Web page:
Narrative and Aesthetics

Don and Katsu have wandered into yet another disastrous situation that threatens to destroy the entire world. This time, a group of monsters known as the Dragon Lords have started to awaken one by one. Two new characters called Tia and Popo Kaka have appeared, asking the two Taikos for help in saving the world. Just like with Rhythmic Adventure 1, you will travel to different “worlds” in order to save their inhabitants and your world, as well. As you continue on, you will come across a group of characters known as Hexagaria, who will fight you at every turn. The storytelling with Rhythmic Adventure 2 is very simple and tropey, leaving the characters pretty one-dimensional.

The song selection, once again, does have some repeats from the other Taiko games currently on the Switch. However, there are some new additions, including the opening to the anime Demon Slayer. That in itself is very exciting to see given the popularity of the song and series. That said, I do wish that with the sizable amount of songs available to play, that more of these songs appeared in the story mode. With not an exact idea of how many songs appear per area, it can feel as though you’re playing the same four or five songs. And when enemies spawn at a pretty consistent rate, being in one area for an extended period of time can leave you wishing for a new world, if only to be able to play new songs.

The aesthetics for both the character art and how the areas look haven’t changed much outside of just new designs. The character art looks clean and while the new characters look nice, outside of important characters, the monsters and creatures aren’t very memorable. The overworld areas are very simple and, quite honestly, show the game’s age when compared to other games with 3D environments.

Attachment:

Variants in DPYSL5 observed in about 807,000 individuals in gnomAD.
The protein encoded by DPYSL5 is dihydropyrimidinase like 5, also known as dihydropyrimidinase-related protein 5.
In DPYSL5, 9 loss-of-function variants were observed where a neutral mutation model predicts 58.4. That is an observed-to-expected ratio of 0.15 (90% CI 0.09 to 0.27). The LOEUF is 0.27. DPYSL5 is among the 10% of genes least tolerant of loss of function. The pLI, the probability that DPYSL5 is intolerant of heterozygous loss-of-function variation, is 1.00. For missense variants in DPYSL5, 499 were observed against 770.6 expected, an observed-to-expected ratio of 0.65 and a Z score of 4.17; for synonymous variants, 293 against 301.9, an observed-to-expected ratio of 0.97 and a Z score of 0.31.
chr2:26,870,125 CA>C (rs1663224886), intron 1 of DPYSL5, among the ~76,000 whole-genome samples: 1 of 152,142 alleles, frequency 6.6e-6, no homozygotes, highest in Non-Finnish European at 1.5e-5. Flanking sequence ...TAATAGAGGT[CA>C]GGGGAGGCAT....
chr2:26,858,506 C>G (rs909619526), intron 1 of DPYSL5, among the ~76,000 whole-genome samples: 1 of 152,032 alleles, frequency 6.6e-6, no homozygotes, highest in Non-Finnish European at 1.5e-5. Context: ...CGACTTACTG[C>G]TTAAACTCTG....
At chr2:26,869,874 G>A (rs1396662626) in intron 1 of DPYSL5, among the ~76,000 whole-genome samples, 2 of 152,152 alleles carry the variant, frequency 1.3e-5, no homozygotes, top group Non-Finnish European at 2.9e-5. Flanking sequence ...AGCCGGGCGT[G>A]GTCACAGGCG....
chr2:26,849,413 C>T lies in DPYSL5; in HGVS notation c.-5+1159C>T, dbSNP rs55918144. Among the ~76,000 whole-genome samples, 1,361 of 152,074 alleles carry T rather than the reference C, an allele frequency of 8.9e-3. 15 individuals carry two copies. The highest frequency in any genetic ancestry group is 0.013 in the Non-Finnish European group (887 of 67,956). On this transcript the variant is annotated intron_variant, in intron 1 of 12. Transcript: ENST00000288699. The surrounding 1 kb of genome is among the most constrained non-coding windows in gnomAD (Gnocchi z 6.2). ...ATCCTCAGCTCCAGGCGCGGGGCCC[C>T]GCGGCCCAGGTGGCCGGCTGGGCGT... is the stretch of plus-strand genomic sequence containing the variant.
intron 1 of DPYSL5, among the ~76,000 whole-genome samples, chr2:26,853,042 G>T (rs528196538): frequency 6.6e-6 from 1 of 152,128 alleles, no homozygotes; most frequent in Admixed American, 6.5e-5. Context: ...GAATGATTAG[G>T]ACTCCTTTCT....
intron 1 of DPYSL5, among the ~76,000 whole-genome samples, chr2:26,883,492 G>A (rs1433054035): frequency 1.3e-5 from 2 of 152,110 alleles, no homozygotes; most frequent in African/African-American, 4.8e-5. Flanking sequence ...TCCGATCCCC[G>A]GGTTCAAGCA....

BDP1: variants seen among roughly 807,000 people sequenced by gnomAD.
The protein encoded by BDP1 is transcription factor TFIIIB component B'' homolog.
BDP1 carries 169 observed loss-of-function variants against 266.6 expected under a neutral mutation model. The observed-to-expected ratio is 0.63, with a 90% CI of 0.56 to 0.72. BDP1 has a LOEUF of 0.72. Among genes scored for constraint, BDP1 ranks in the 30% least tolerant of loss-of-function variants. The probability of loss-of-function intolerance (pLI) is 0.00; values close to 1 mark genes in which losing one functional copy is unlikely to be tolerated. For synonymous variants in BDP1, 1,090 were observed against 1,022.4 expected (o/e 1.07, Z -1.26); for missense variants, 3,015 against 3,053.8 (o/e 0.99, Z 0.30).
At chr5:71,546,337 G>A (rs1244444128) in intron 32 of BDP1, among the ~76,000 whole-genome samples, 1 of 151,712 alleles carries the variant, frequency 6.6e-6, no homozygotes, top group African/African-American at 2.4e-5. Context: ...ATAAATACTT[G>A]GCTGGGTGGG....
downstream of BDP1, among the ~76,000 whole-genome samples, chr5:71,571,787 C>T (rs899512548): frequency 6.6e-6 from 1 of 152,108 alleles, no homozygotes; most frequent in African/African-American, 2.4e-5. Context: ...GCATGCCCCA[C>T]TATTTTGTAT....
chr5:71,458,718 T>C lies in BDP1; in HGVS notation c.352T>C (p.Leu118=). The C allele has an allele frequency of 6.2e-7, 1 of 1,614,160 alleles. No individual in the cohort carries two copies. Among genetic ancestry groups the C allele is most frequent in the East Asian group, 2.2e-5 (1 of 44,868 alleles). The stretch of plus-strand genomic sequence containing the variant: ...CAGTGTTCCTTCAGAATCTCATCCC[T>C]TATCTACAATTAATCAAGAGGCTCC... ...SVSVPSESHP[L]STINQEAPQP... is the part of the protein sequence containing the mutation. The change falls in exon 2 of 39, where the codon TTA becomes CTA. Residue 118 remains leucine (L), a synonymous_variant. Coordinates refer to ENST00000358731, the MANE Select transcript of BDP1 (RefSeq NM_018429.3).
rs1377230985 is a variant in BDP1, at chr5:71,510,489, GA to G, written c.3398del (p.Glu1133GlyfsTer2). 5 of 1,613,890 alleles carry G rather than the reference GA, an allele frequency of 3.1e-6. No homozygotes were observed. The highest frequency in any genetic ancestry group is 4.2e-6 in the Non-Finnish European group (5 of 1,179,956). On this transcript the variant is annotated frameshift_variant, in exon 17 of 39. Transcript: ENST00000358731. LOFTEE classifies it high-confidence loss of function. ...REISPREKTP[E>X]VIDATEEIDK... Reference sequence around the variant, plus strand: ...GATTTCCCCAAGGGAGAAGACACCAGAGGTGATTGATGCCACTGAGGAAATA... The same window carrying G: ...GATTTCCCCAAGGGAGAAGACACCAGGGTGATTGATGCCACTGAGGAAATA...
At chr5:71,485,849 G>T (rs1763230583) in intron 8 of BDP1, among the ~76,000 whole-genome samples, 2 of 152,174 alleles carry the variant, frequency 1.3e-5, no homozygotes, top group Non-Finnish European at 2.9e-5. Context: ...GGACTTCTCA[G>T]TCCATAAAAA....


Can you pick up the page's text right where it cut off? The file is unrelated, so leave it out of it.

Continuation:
Impressions and Conclusion

Given that Rhythmic Adventure 2 is a sequel to Rhythmic Adventure 1 and the two games originally came out within two years of each other, it’s no surprise that 2 turned out to be a more well-rounded experience. However, Rhythmic Adventure 2 does suffer from some of the same pitfalls that Rhythmic Adventure 1 does, mainly with control setup and lack of song variety in each area.

Either way, I did find that the boss battles were much more exciting to play through than they were in 1. This, paired with the quality of life features that they’ve added left me with a positive experience overall. While the game does have its own hiccups, I would at the very least recommend trying out this title for those who are already curious about the Taiko RPG games.

About the Author

  • Kierra Lanier

    Writer. A huge fan of SRPGs, JRPGs, simulation games, and visual novels. Loves getting distracted by side quests in huge RPGs and romancing characters in dating sims.

Kierra Lanier

Kierra Lanier

Writer. A huge fan of SRPGs, JRPGs, simulation games, and visual novels. Loves getting distracted by side quests in huge RPGs and romancing characters in dating sims.